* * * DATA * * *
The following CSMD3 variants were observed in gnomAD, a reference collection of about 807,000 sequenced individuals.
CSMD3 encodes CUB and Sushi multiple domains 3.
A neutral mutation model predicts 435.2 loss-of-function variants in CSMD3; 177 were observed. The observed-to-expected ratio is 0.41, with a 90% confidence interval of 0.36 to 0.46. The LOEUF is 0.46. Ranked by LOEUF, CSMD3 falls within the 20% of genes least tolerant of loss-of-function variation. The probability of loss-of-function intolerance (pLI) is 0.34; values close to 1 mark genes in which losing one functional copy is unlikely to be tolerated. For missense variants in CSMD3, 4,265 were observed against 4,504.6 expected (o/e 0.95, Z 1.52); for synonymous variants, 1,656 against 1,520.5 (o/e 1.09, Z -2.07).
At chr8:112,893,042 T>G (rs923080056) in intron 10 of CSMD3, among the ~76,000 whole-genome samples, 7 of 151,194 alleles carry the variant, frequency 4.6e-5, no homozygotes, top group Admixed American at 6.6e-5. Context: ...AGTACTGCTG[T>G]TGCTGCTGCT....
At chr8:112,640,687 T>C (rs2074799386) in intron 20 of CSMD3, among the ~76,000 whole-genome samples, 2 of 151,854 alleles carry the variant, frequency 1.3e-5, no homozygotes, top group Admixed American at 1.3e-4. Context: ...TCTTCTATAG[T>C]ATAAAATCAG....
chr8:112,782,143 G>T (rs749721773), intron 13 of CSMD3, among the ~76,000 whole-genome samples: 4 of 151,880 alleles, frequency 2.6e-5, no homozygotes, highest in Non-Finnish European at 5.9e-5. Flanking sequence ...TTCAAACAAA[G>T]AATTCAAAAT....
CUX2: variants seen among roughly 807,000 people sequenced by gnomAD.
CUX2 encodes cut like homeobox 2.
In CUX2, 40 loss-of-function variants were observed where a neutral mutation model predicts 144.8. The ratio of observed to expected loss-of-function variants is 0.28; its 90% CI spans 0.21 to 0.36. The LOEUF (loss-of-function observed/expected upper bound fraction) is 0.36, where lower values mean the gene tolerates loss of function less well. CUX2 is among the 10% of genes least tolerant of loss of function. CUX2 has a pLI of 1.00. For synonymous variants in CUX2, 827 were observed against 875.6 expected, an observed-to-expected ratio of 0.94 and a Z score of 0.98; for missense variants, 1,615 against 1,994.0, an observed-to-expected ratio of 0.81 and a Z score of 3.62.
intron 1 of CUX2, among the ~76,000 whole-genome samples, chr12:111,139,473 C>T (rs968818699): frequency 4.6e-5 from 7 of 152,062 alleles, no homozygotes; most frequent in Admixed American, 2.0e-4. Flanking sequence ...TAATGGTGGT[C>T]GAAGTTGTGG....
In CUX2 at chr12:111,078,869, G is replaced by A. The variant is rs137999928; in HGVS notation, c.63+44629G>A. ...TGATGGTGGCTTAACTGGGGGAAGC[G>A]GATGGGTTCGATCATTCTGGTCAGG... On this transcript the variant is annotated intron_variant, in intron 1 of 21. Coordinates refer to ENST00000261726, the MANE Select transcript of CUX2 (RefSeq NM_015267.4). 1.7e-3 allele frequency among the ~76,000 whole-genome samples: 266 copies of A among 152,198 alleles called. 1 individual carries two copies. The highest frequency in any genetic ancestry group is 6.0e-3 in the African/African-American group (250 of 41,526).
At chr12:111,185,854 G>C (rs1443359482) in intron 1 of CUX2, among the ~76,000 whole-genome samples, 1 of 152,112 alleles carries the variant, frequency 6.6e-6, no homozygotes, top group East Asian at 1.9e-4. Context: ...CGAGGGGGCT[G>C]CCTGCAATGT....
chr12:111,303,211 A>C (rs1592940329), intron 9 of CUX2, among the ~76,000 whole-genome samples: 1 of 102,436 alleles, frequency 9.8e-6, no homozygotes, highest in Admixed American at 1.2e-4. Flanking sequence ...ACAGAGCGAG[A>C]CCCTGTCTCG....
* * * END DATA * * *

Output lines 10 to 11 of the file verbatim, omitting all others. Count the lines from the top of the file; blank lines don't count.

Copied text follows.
intron 1 of CUX2, among the ~76,000 whole-genome samples, chr12:111,139,473 C>T (rs968818699): frequency 4.6e-5 from 7 of 152,062 alleles, no homozygotes; most frequent in Admixed American, 2.0e-4. Flanking sequence ...TAATGGTGGT[C>T]GAAGTTGTGG....
In CUX2 at chr12:111,078,869, G is replaced by A. The variant is rs137999928; in HGVS notation, c.63+44629G>A. ...TGATGGTGGCTTAACTGGGGGAAGC[G>A]GATGGGTTCGATCATTCTGGTCAGG... On this transcript the variant is annotated intron_variant, in intron 1 of 21. Coordinates refer to ENST00000261726, the MANE Select transcript of CUX2 (RefSeq NM_015267.4). 1.7e-3 allele frequency among the ~76,000 whole-genome samples: 266 copies of A among 152,198 alleles called. 1 individual carries two copies. The highest frequency in any genetic ancestry group is 6.0e-3 in the African/African-American group (250 of 41,526).